The Japanese occupation

The Japanese occupation of the Netherlands East Indies broke apart the existing colonial relations. Japan wanted to lead a Greater East Asia Co-Prosperity Sphere. Most Indonesians initially supported the Japanese, until conditions deteriorated in the course of the war. The Japanese forced millions of Indonesian men to work as romushas (forced labourers).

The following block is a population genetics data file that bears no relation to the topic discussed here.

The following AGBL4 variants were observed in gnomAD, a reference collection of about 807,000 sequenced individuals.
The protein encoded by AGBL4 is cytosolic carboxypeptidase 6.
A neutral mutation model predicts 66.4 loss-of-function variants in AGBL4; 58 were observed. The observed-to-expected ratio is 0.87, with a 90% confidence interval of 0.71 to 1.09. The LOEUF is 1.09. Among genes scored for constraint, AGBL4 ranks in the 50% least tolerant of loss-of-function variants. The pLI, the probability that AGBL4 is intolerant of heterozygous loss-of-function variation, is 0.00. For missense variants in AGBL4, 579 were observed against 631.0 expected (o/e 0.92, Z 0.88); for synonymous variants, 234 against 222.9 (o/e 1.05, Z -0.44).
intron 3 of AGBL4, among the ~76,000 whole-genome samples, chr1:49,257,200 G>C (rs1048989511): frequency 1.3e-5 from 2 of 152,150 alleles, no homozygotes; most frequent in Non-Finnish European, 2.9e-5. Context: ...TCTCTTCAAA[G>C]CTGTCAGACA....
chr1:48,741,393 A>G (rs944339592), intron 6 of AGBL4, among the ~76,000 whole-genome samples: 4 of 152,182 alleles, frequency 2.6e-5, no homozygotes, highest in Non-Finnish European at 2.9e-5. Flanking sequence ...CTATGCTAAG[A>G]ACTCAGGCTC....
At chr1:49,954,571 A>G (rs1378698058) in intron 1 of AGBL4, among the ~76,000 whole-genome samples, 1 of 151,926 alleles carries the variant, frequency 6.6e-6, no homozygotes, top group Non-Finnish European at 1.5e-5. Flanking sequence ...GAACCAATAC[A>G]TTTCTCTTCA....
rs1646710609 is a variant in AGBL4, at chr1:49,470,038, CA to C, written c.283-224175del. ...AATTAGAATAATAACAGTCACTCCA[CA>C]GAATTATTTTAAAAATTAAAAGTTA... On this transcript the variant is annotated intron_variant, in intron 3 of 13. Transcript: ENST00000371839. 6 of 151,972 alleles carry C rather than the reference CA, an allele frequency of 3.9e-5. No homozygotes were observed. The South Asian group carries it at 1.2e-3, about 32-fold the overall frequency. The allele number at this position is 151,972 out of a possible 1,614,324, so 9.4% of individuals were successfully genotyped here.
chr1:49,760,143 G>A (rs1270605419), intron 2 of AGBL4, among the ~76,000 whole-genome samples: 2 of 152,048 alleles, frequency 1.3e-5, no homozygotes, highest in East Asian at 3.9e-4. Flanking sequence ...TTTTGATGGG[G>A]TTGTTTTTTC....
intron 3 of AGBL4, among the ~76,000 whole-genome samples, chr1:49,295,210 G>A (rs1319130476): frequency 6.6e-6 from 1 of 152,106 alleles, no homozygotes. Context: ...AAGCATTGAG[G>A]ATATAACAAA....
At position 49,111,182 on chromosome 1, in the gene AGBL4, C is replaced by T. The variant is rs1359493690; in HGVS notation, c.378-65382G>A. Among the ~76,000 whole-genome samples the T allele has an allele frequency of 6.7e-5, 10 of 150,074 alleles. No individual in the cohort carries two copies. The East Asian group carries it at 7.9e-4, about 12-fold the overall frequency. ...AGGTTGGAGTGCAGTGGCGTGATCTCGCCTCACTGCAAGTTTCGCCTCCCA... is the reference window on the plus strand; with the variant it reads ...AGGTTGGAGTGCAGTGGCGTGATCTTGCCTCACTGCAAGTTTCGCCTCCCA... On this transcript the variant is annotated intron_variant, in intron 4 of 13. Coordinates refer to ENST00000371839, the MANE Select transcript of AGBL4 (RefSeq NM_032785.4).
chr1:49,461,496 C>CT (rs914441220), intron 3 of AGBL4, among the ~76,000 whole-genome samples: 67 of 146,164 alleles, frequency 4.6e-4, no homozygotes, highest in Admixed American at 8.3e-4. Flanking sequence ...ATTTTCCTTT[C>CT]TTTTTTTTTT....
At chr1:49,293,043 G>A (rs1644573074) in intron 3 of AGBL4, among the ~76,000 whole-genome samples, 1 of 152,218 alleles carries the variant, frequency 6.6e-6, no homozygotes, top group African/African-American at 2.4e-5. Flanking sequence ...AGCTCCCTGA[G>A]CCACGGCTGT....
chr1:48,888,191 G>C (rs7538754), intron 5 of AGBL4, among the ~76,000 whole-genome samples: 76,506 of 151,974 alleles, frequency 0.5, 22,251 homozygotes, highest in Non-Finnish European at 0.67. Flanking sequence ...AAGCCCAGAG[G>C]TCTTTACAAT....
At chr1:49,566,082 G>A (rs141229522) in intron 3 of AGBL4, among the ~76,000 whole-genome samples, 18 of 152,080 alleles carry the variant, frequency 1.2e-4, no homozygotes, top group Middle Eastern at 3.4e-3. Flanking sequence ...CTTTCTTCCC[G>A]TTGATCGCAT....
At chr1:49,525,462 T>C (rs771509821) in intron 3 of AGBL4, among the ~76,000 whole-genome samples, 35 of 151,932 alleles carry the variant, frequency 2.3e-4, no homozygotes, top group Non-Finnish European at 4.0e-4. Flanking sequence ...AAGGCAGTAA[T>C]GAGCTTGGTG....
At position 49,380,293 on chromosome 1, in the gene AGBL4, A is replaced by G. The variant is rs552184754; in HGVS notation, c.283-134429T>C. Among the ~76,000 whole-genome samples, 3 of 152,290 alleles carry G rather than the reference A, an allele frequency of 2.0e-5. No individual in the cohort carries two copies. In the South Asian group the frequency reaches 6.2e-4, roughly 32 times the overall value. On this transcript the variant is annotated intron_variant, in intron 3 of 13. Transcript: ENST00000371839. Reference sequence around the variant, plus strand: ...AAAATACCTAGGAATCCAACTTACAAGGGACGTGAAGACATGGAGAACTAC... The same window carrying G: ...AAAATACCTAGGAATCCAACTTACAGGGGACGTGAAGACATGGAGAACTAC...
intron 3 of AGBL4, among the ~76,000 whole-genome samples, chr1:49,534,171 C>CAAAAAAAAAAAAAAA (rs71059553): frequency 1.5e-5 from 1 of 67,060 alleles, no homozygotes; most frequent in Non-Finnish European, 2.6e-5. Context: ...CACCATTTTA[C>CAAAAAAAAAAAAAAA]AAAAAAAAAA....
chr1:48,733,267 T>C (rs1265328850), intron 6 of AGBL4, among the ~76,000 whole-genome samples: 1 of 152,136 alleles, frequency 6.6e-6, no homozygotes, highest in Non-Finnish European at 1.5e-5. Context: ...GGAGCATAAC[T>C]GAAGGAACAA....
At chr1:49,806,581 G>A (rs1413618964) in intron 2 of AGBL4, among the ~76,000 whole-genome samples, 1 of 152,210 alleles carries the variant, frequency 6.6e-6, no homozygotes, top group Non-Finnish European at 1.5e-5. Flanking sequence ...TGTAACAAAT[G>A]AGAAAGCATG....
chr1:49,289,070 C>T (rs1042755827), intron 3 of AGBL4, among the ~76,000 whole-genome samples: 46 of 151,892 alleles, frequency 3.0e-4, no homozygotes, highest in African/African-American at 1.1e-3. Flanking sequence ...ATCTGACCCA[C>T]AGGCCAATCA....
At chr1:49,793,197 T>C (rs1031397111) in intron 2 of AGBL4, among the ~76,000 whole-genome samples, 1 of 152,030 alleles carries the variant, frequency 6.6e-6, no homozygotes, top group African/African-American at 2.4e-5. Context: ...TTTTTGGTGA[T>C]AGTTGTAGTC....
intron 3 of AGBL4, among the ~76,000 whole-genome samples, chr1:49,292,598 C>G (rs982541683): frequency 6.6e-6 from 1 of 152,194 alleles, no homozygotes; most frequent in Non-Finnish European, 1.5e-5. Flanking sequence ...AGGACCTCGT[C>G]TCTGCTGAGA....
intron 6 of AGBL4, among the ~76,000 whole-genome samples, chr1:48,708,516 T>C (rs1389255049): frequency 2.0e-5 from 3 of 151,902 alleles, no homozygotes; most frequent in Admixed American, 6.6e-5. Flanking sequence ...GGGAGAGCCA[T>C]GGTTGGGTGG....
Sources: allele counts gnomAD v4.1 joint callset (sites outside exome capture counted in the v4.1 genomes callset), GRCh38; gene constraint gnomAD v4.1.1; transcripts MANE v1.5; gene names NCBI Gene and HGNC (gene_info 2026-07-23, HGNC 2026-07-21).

In January 1942, the Japanese army invaded the Netherlands East Indies. The Royal Netherlands East Indies Army (Koninklijk Nederlands Indisch Leger, or KNIL) surrendered on 8 March 1942. The Japanese kept Europeans separate from the Asian population in prisoner of war camps and civilian camps; Indo-Europeans had to join the Indonesian population, due to their Asian origins. Indo-Europeans remained outside the camps on Java, but they were interned on the other islands.